James Scott Cooper - Farming Innovation

Farming Innovation

Although much of Cooper’s fortune was made through bootlegging, he was also one of the leading innovators of farming in southern Ontario. In 1918, Cooper bought 105 acres (0.42 km2) of farmland near Belle River. He initiated the widespread practice of deep ploughing and tilled the acreage so that spring crops could be ready approximately two weeks sooner. He installed a new style of field draining that used clay tiles. Tiling was an expensive and unknown method at the time. The successful experiment was quickly noticed by neighbouring farms and word spread rapidly through southern Ontario. Cooper constructed a tiling factory on his own farm, and was soon producing 10,000 tiles and 20,000 bricks per day. Cooper also built the Belle River Seed and Grain Company.

James Scott Cooper built several structures, including a mansion in Walkerville that has since been torn down, and a two-story building in Belle River. Formally the Cooper Hotel, the Cooper Court was constructed in 1920 at a cost of $40,000. This local bar is still open for business. He was one of the few wealthy men in the late 1920s and 1930s to keep his wealth through the 1929 Stock Market Crash, as he did not invest in the stock market.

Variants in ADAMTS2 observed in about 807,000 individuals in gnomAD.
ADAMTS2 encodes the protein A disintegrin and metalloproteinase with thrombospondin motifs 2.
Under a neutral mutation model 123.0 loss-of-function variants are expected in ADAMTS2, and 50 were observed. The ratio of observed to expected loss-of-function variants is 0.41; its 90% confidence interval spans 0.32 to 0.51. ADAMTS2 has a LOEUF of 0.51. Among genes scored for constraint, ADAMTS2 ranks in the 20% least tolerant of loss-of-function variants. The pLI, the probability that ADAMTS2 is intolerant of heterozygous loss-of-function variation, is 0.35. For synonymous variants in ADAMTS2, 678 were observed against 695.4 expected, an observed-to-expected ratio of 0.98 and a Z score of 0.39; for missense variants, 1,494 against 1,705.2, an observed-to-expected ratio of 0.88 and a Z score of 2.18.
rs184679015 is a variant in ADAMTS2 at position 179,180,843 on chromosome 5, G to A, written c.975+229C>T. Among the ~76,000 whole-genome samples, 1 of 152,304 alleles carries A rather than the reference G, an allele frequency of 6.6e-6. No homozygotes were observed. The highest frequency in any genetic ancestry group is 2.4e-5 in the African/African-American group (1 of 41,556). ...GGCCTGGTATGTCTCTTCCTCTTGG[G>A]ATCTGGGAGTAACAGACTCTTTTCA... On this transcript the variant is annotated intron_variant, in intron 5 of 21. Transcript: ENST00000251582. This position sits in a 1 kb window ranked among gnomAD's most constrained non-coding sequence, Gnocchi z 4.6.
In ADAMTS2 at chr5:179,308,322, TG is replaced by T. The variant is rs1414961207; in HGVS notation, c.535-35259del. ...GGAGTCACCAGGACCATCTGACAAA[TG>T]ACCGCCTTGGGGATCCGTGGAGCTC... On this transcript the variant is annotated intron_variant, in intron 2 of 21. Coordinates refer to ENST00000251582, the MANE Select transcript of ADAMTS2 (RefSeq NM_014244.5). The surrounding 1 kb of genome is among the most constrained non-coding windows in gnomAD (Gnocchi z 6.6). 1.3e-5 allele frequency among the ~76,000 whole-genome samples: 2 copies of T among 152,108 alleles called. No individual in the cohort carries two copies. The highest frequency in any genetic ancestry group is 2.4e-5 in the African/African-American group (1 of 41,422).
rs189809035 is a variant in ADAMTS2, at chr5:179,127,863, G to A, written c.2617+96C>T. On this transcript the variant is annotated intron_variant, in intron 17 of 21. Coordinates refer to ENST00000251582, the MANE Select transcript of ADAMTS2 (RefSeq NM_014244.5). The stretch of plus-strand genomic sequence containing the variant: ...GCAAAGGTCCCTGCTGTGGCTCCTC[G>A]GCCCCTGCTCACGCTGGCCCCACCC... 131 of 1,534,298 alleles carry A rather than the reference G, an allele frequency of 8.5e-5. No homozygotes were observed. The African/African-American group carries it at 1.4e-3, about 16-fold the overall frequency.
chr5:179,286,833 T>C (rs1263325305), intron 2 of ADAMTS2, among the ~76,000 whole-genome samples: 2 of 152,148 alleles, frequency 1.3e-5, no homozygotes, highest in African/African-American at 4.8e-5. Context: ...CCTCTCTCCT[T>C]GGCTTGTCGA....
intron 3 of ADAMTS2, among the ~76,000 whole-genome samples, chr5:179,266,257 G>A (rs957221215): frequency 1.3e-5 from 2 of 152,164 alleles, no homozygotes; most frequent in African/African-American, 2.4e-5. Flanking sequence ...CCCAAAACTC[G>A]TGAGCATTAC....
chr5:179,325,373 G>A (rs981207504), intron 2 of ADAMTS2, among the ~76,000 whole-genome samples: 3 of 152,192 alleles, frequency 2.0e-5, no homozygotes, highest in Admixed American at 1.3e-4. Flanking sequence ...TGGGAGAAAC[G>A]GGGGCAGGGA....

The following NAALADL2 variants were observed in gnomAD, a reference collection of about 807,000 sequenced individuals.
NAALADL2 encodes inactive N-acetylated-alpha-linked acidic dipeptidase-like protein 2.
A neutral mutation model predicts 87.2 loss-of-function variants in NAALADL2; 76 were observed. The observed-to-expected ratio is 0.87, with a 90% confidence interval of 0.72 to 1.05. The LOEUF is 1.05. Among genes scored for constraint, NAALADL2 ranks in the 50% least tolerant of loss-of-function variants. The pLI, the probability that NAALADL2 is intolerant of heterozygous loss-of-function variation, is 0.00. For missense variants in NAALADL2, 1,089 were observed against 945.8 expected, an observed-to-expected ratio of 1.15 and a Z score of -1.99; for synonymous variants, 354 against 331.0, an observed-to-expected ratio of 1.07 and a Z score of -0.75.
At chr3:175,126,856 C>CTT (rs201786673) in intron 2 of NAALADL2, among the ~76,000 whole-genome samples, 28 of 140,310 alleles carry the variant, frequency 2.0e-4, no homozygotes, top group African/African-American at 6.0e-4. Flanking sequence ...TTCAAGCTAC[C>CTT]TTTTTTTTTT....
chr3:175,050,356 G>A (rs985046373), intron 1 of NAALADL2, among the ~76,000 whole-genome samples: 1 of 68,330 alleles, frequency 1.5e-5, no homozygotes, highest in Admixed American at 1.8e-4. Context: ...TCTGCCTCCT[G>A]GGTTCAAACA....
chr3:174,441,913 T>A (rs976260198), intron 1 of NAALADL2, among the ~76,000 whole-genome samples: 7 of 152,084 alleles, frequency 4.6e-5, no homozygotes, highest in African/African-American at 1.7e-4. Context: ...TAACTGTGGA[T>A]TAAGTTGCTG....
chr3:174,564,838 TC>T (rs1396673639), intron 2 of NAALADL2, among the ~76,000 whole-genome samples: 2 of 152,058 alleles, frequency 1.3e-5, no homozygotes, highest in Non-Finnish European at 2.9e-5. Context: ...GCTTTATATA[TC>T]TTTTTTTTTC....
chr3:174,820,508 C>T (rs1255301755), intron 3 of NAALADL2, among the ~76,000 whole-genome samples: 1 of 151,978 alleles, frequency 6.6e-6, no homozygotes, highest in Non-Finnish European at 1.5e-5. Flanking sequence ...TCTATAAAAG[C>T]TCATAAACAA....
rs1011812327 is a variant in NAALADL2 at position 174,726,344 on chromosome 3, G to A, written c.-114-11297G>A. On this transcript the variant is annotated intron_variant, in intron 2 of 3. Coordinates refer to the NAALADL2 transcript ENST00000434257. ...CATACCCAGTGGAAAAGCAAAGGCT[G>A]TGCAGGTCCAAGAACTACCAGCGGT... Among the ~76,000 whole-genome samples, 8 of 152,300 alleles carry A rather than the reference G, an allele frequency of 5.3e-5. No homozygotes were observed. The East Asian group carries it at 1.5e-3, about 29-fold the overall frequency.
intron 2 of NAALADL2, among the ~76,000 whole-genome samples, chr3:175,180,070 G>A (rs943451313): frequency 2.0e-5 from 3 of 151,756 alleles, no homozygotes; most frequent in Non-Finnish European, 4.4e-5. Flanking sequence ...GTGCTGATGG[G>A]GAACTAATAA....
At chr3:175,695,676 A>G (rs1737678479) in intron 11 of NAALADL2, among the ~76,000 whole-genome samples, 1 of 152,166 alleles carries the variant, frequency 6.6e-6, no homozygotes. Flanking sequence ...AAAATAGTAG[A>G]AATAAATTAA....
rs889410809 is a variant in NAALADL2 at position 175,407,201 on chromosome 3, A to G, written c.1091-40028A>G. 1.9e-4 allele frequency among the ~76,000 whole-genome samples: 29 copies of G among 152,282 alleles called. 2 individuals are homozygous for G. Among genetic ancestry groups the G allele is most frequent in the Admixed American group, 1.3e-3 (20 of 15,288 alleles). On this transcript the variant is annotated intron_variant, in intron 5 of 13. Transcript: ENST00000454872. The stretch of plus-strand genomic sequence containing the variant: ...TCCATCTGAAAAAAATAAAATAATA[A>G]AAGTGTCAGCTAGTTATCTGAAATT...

Read more about this topic:  James Scott Cooper

Famous quotes containing the words farming and/or innovation:

    ... farming conservatism, which consisted in holding that whatever is, is bad, and any change is likely to be worse.
    George Eliot [Mary Ann (or Marian)

    Both cultures encourage innovation and experimentation, but are likely to reject the innovator if his innovation is not accepted by audiences. High culture experiments that are rejected by audiences in the creator’s lifetime may, however, become classics in another era, whereas popular culture experiments are forgotten if not immediately successful. Even so, in both cultures innovation is rare, although in high culture it is celebrated and in popular culture it is taken for granted.
    Herbert J. Gans (b. 1927)